Review — From the August 2009 issue
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Review — From the August 2009 issue
Discussed in this essay:
The Third Reich at War, by Richard J. Evans. The Penguin Press. 926 pages. $40.
In order to prepare private citizens for the military, a humiliating and painful bullying is generally prescribed. Its aim is to inculcate obedience and create callousness. Leaders must be resolute and heartless, prepared to send any enemy “to their deaths, pitilessly and remorselessly,” as the Führer demanded. Next a campaign of denigration of the chosen opponent is undertaken. This is designed to reduce the humanity of the enemy and to prepare a social web of support for behavior that is basically cruel, immoral, and normally disapproved. It strengthens every aspect of your plans if the society that you represent brings to the project a tradition of paternal domination and abuse, reaching from the family to the Kaiser and to its final station, God. Deep feelings of injury, inferiority, and large reserves of resentment—the fresher the better—are nearly essential. Any widespread unhappiness within your country can then be directed at the selected scapegoat by every available instrument of indoctrination and propaganda. If the enemy can be enticed to return fire, that will help solidify the nation’s resolve. Since a saw’s cut is painful either way it moves, the soldier knows that it is safer to risk death at the front rather than execution in the rear. A general sense of uneasiness helps, as if you knew someone were watching where you walked, reading your mail, and overhearing you talk. This atmosphere of anxiety can be sustained when the agents of power are pitiless. The master craftsmen of the Third Reich, whose state-of-war posture is so painstakingly studied in this superb but disheartening history of bad behavior, had set their sights upon Poland at the time the third and final volume of Richard Evans’s masterwork begins, and had made all the necessary preparations I have just enumerated.
The novelty of the war that was beginning with the German attack in September 1939—aside from the journalistically popular concept of Blitzkrieg—was its unusual aim: not the defeat of another army but the destruction of a population. From Germans already living in Poland the SS formed militias of men whose grievances toward the indigenous population reached murderous levels with astonishing ease, and bands of “red legs” of this sort, obeying only the orders of their hearts, began organized shooting parties. The size of the payback for alleged Polish atrocities was 4,247 on October 7; by November, in Klammer, 2,000 had been added; near Mniszek, 10,000 more Poles and Jews of every age and sex were shot at the edges of the gravel pits that were to serve as their graves; in a wood near Karlshof, 8,000 more were massacred. The cleansing continued, picking up speed as efficiencies improved. Finding so many murderers among ordinary people had not proved difficult. Moreover these unconscionable activities were not the result of a long harsh military campaign and disappointing losses but were available for use the moment the war began, with its immediate, immoderate, and overwhelming victories.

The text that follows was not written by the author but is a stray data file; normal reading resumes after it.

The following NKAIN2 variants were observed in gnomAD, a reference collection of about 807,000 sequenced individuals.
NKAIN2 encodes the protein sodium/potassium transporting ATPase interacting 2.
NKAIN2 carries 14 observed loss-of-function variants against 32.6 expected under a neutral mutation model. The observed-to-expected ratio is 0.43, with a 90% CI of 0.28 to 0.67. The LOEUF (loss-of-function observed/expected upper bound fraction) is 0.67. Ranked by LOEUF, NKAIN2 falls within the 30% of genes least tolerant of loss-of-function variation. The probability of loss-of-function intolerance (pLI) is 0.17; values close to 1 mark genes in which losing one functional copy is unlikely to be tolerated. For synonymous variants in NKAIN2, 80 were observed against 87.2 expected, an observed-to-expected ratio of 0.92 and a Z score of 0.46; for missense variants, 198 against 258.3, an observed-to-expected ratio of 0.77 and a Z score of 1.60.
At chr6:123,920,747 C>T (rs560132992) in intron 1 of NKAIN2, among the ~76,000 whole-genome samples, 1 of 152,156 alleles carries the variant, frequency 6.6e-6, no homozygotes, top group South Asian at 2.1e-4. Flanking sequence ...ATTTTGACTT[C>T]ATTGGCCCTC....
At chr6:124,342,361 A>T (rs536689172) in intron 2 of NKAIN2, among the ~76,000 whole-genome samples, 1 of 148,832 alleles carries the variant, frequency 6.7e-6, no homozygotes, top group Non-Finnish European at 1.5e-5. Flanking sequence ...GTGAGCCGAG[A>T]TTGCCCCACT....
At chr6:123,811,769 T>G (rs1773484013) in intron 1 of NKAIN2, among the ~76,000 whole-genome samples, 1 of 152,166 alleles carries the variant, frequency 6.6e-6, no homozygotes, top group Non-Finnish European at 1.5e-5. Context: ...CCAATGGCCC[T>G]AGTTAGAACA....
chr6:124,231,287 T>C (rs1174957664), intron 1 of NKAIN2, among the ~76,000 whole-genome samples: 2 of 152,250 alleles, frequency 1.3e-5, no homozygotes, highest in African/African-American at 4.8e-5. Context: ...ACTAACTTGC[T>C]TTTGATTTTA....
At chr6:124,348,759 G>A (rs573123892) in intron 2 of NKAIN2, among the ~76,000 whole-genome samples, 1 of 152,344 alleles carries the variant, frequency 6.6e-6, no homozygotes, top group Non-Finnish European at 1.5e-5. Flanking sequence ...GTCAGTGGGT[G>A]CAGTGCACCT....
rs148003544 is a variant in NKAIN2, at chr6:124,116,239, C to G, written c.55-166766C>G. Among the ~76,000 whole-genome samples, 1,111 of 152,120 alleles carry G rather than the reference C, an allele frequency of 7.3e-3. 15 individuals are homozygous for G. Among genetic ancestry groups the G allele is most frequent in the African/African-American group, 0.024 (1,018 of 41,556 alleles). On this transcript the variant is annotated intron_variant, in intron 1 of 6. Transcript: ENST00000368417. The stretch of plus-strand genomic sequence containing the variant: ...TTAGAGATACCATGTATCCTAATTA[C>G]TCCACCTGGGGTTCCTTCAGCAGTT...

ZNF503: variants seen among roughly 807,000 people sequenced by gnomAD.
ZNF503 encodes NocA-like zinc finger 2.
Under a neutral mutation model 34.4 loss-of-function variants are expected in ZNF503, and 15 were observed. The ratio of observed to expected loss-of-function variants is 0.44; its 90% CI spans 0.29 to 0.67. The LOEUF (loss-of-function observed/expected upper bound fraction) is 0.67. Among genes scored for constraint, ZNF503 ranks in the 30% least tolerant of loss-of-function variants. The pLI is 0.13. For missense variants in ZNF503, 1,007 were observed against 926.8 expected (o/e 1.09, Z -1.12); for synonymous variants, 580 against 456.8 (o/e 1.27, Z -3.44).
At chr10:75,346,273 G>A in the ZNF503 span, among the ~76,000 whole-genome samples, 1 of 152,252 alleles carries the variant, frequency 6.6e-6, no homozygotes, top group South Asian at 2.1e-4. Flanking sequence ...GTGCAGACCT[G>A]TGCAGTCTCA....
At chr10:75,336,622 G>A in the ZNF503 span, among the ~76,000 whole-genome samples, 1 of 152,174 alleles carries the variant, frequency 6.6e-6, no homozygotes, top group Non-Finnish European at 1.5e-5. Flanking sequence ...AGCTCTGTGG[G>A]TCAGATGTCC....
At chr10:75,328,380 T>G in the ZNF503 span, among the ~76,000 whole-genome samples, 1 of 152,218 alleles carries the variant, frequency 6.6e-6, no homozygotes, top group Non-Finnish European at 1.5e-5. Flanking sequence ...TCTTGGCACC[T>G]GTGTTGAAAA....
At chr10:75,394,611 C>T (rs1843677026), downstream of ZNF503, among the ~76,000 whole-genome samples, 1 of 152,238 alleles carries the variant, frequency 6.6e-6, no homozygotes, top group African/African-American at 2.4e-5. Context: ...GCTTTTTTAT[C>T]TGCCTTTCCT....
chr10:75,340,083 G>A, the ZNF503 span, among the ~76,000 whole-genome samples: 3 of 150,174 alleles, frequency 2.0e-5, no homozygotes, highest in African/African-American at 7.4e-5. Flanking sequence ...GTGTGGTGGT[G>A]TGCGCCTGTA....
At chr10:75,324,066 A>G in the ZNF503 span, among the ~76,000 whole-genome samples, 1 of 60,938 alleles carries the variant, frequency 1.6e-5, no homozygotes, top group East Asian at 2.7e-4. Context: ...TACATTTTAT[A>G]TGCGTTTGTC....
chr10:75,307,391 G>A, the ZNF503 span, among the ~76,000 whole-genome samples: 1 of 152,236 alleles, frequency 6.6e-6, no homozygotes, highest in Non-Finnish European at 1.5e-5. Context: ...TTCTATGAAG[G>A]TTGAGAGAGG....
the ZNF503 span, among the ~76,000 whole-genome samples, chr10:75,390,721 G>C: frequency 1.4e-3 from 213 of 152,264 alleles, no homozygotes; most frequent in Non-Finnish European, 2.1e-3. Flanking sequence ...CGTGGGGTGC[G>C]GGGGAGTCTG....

The German army, when it began to do its part, specialized in burning any village in which the least resistance was encountered. The SS, as well as the regular police, were initially disposed to carry out the murder of specific persons instead of the anonymous many, and to be singled out might be a victim’s only victory. This slaughter was ameliorated (the word cannot be read without a grimace) when the authorities recognized that Germany had a serious need for workers, with so many men gone from their jobs and away for the war. Every available body was then rounded up and sent off as a labor replacement wherever one was needed in the Fatherland. The “recruitment” of foreign labor was a considerable preoccupation of German bureaucracy during the entire war and eventually included putting to work prisoners of war from both fronts. Many a Polish house was emptied or a village stripped of its population, so that looting and pillaging became a military habit, and the rape of women was implicitly encouraged by the army. The greed of many in the high command was as huge, and as frankly bragged of, as Falstaff’s pride in his belly. Hitler wanted to establish a museum of stolen property in his hometown of Linz. Göring desired to display his art as he did his hunting trophies above the many sofas furnishing his numerous schlosses.
William H. Gass is a contributing editor of Harper’s Magazine and the author, most recently, of A Temple of Texts. His essay on Katherine Anne Porter appeared in the January issue.
More from William H. Gass: